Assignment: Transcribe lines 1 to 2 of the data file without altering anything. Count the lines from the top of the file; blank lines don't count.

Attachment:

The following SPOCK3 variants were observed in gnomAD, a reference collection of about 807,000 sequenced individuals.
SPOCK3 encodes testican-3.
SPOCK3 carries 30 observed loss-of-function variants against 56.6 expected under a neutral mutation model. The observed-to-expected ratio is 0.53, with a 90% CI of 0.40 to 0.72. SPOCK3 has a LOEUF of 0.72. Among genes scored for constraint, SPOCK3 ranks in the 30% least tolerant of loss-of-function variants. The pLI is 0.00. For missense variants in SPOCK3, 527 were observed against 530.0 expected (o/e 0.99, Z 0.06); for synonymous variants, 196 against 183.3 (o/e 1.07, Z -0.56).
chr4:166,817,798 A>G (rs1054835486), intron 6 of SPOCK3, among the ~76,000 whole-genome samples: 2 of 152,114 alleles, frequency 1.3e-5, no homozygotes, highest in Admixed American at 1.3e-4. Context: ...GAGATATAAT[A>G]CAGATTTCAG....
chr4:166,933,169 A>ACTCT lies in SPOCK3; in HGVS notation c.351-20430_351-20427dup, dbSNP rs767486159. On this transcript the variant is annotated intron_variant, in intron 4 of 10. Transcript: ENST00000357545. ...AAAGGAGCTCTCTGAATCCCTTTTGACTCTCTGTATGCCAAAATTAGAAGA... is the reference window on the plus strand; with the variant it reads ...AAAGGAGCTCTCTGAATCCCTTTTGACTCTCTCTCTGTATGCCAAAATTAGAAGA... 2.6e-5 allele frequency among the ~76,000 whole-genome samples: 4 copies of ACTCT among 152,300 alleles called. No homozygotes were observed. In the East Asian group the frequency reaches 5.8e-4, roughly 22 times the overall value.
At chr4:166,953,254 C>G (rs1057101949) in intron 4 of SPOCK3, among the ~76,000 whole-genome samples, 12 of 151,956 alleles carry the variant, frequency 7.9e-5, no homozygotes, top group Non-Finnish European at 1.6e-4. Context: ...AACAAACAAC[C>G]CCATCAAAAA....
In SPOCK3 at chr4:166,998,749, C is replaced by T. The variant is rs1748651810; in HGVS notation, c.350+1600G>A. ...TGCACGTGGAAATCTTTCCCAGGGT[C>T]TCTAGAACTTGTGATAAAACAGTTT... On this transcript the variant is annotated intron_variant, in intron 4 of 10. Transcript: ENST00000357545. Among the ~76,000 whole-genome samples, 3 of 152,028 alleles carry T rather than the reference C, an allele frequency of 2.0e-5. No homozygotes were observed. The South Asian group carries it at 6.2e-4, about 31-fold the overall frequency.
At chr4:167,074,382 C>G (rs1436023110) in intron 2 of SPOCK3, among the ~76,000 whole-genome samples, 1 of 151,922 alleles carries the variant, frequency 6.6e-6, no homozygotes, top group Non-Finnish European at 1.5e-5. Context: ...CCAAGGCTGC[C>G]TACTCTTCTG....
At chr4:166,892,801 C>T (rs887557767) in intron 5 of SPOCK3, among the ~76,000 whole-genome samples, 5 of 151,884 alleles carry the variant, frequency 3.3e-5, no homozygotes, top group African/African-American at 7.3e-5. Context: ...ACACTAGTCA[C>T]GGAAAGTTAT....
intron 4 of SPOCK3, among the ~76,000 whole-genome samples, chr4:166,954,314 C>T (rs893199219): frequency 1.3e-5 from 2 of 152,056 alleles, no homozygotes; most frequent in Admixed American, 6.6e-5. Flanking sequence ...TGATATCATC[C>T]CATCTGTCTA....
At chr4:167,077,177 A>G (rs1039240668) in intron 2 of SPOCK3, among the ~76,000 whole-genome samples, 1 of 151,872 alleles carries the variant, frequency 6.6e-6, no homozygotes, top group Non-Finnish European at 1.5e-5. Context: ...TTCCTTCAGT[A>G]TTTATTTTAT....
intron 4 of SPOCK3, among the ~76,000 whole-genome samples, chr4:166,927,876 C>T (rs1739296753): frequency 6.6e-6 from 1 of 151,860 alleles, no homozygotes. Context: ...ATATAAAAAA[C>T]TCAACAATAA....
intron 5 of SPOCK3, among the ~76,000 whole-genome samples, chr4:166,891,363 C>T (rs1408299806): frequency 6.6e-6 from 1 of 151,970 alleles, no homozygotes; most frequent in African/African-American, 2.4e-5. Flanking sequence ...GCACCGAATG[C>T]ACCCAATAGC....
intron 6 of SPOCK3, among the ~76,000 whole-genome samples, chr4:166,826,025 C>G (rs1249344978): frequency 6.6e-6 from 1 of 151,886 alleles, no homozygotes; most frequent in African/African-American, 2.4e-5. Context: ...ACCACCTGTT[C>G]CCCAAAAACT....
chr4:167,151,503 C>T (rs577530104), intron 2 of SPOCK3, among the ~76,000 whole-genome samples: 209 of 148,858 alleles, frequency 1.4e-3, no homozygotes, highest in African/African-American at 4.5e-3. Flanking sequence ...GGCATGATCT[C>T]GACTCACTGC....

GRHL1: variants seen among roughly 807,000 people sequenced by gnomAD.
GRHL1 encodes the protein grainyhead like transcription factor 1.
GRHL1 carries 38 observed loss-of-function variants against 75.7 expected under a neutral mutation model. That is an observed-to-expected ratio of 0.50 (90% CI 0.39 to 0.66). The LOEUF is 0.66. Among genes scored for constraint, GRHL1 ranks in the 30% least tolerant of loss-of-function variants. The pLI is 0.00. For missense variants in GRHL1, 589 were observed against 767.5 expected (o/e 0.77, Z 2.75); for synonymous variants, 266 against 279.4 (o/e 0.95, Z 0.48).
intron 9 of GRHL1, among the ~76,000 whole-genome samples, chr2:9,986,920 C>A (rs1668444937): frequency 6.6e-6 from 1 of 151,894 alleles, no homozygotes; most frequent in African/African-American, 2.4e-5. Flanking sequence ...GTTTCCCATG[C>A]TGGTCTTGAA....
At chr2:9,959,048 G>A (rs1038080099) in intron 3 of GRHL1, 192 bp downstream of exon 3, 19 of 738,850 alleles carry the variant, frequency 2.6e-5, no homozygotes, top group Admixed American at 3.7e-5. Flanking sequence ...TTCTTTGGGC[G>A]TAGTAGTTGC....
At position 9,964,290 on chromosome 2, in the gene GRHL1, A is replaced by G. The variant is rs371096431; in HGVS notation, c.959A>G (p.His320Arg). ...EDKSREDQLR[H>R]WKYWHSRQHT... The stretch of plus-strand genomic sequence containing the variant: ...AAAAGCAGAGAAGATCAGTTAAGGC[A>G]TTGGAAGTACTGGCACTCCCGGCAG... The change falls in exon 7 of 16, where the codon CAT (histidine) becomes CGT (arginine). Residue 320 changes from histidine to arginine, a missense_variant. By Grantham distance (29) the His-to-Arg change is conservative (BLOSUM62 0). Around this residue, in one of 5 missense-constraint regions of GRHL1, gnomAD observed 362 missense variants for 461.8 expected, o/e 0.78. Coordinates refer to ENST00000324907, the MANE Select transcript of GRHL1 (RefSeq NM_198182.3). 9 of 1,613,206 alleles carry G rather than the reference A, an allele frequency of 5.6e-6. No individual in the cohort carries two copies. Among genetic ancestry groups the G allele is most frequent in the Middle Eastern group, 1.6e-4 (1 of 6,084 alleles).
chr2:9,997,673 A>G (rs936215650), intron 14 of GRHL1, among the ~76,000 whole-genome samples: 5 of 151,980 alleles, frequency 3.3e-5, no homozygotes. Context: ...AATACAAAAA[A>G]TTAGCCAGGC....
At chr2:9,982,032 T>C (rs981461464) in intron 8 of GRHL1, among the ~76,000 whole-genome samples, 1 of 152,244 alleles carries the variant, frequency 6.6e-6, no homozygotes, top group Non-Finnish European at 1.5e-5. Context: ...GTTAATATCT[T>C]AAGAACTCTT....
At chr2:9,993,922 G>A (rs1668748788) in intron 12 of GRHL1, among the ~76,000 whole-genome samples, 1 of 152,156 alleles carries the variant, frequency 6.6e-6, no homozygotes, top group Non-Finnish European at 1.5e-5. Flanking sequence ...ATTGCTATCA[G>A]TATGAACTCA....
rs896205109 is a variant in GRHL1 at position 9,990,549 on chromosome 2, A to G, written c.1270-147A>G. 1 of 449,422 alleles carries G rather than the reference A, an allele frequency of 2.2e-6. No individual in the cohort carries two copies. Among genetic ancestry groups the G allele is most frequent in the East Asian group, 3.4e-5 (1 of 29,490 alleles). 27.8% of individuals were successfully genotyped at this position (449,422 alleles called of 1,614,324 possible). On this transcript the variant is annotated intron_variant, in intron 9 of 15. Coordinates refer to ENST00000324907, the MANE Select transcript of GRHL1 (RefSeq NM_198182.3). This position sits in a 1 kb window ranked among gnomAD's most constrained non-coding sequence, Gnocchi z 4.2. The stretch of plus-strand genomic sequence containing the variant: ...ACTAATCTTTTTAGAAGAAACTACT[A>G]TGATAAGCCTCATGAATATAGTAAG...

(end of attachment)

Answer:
The following SPOCK3 variants were observed in gnomAD, a reference collection of about 807,000 sequenced individuals.
SPOCK3 encodes testican-3.